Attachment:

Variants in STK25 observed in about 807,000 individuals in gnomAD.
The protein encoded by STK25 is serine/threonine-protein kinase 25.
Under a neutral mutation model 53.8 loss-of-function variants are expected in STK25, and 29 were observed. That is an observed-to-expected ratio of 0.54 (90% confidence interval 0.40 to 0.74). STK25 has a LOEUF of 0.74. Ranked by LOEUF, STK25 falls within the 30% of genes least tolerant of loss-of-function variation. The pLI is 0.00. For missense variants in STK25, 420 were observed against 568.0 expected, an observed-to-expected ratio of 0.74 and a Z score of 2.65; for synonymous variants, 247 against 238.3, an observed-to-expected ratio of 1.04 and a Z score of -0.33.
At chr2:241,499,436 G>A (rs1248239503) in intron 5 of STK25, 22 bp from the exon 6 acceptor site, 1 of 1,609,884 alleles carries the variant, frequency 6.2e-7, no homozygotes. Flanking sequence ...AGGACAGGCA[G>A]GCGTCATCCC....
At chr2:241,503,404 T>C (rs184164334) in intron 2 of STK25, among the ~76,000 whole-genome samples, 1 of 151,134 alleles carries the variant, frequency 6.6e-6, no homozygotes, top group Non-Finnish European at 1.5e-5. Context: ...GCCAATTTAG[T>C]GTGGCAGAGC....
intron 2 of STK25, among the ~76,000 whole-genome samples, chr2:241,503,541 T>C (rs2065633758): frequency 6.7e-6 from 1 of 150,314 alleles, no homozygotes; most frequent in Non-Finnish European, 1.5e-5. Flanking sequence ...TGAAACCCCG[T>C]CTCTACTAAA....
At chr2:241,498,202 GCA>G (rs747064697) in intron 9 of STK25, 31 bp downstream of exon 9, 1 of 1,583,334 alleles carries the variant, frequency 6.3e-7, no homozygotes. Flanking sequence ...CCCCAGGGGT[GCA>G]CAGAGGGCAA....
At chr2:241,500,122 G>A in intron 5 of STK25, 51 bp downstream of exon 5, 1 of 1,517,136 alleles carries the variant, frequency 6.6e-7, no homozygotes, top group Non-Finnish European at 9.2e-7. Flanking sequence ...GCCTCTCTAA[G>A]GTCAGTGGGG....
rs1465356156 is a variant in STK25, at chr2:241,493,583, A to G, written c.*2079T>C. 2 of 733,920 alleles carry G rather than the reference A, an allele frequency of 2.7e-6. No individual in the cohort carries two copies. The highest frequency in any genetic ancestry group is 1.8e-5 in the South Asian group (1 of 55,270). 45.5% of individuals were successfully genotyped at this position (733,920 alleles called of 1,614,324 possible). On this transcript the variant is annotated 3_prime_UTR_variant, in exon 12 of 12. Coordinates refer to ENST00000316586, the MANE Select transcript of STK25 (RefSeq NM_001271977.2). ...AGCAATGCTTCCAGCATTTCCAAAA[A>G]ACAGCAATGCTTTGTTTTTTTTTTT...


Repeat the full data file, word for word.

Variants in STK25 observed in about 807,000 individuals in gnomAD.
The protein encoded by STK25 is serine/threonine-protein kinase 25.
Under a neutral mutation model 53.8 loss-of-function variants are expected in STK25, and 29 were observed. That is an observed-to-expected ratio of 0.54 (90% confidence interval 0.40 to 0.74). STK25 has a LOEUF of 0.74. Ranked by LOEUF, STK25 falls within the 30% of genes least tolerant of loss-of-function variation. The pLI is 0.00. For missense variants in STK25, 420 were observed against 568.0 expected, an observed-to-expected ratio of 0.74 and a Z score of 2.65; for synonymous variants, 247 against 238.3, an observed-to-expected ratio of 1.04 and a Z score of -0.33.
At chr2:241,499,436 G>A (rs1248239503) in intron 5 of STK25, 22 bp from the exon 6 acceptor site, 1 of 1,609,884 alleles carries the variant, frequency 6.2e-7, no homozygotes. Flanking sequence ...AGGACAGGCA[G>A]GCGTCATCCC....
At chr2:241,503,404 T>C (rs184164334) in intron 2 of STK25, among the ~76,000 whole-genome samples, 1 of 151,134 alleles carries the variant, frequency 6.6e-6, no homozygotes, top group Non-Finnish European at 1.5e-5. Context: ...GCCAATTTAG[T>C]GTGGCAGAGC....
intron 2 of STK25, among the ~76,000 whole-genome samples, chr2:241,503,541 T>C (rs2065633758): frequency 6.7e-6 from 1 of 150,314 alleles, no homozygotes; most frequent in Non-Finnish European, 1.5e-5. Flanking sequence ...TGAAACCCCG[T>C]CTCTACTAAA....
At chr2:241,498,202 GCA>G (rs747064697) in intron 9 of STK25, 31 bp downstream of exon 9, 1 of 1,583,334 alleles carries the variant, frequency 6.3e-7, no homozygotes. Flanking sequence ...CCCCAGGGGT[GCA>G]CAGAGGGCAA....
At chr2:241,500,122 G>A in intron 5 of STK25, 51 bp downstream of exon 5, 1 of 1,517,136 alleles carries the variant, frequency 6.6e-7, no homozygotes, top group Non-Finnish European at 9.2e-7. Flanking sequence ...GCCTCTCTAA[G>A]GTCAGTGGGG....
rs1465356156 is a variant in STK25, at chr2:241,493,583, A to G, written c.*2079T>C. 2 of 733,920 alleles carry G rather than the reference A, an allele frequency of 2.7e-6. No individual in the cohort carries two copies. The highest frequency in any genetic ancestry group is 1.8e-5 in the South Asian group (1 of 55,270). 45.5% of individuals were successfully genotyped at this position (733,920 alleles called of 1,614,324 possible). On this transcript the variant is annotated 3_prime_UTR_variant, in exon 12 of 12. Coordinates refer to ENST00000316586, the MANE Select transcript of STK25 (RefSeq NM_001271977.2). ...AGCAATGCTTCCAGCATTTCCAAAA[A>G]ACAGCAATGCTTTGTTTTTTTTTTT...